Recruiting teams have faced incredible amounts of uncertainty, disruption, and change in the past few years. It’s forced orgs across industries to find ways to lower costs and encourage employees to remain with the business through hard times.
In other words, companies of all kinds have implemented effective employee retention strategies intended to stem high turnover amid (and following) the global pandemic.
From allowing employees to work from home and offering flexible scheduling and work hours, to providing professional development, execs have made a concerted effort to boost employee satisfaction and create a culture of understanding to better attract and retain top talent.
It’s the latter, though — retention — that is a differentiator for leading orgs.
“Acquiring new talent and bringing them up to speed requires a lot of time and money,” said 15FiveVP of Strategic Initiatives Jeff Smith in a recent Lever-hosted webinar.
“It makes extraordinary financial sense to keep the people that you have, make sure they’re in the right roles, keep them growing, keep them engaged, and keep them as high-performing as possible,” Jeff added.
5 ways employee retention strategies help
A few talent acquisition and human resources experts gathered for our aforementioned webinar to discuss how corporate leaders can boost employee retention today:
- Jeff Smith, VP of Strategic Initiatives at 15Five
- Chelsea Jennings, Founder & CEO at Elevate Noir
- Hakemia Jackson, Executive Coach & Cultural Strategist at Divinely Powered
What came of this discussion was a master class in top tactics and techniques they use within their own companies to keep employees satisfied and engaged — and how any company (read: yours) can improve employee retention strategies for the upcoming years ahead.
The first part of our chat revolved around why employee retention strategies are necessary. Here are five reasons our panel of experts shared that can help your org.
1) Internal candidates are your MVPs
It took an average of 98 active and passive candidates for Lever customers to fill an open role at their companies in 2021, our 2022 Talent Benchmarks Report found.
By comparison, internal candidates convert at the best rate. Just three of these prospects were needed to make a hire for LeverTRM users.
Tapping into your existing employee base to fill openings across your org is a no-brainer. Not just because you don’t have to hire and train net-new workers, but because this mobility leads to higher employee retention rates.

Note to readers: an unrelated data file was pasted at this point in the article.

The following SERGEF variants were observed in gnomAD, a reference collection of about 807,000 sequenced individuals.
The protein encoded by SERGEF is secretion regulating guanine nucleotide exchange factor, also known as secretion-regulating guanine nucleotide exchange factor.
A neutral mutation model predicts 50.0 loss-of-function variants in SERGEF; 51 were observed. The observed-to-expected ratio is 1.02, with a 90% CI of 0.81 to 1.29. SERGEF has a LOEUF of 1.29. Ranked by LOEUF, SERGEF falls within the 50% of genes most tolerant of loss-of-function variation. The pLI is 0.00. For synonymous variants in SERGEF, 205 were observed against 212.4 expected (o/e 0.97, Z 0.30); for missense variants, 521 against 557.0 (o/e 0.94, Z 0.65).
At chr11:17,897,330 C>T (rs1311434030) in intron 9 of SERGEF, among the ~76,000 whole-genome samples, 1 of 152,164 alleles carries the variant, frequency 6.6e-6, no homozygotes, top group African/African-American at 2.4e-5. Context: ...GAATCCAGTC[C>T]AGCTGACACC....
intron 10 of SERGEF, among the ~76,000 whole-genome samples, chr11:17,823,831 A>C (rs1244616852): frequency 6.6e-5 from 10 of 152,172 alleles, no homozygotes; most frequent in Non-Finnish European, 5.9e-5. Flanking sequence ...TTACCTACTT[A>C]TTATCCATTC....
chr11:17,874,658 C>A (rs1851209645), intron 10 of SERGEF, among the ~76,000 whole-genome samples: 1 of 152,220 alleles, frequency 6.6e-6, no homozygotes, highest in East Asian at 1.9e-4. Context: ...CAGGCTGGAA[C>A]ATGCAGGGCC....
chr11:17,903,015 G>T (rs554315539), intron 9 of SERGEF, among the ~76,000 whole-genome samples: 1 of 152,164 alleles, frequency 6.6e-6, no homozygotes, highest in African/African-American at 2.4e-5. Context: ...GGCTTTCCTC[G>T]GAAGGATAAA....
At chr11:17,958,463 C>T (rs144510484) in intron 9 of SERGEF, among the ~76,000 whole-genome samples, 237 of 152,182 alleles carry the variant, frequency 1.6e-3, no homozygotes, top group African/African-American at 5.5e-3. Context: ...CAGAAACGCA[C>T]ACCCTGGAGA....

2) Onboarding plans determine ramp-up speed
Investing in retaining employees (especially ones in critical roles) is about committing to them for the long haul. After all, it can take up to two years for a new hire to reach full productivity, assuming those employees don’t leave in the meantime.
The more your org can do to create clear and engaging onboarding processes, the faster your employees will be able to contribute and engage within their job role.
3) Turnover is more costly than you think
About $600 billion was spent on employee turnover by U.S. employers in recent years.
Moreover, SHRM research shows replacing an employee can cost between 50–60% of that employee’s overall salary. (Even more for C-suite members).
A high turnover rate may also have a negative impact on your employer brand and, as a result, make future recruiting efforts by your talent team more challenging.
4) Rewards and recognition actually work
A recent Brandon Hall Study found that orgs that give frequent recognition to members of their workforce are 41% more likely to see increased employee retention.
While extrinsic rewards are appropriate for performance progress or milestones, it’s particularly important to offer employees timely, non-monetary recognition as well for their meaningful contributions. For instance, callouts during company all-hands meetings.
5) Employees want development and training opportunities
Nine in 10 employees say they would stay at their companies longer if they invested in helping them learn and gain new skills. That makes learning and development programs — and a dedicated focus on employee engagement at large — a must.
3 tips to fix your employee retention strategies
So, with a fresh perspective on how valuable employee retention strategies are for growing your business (in terms of headcount and revenue), the question remains:
How can your company adjust your recruiting, hiring, and internal mobility practices to make sure your best employees stay for the long haul?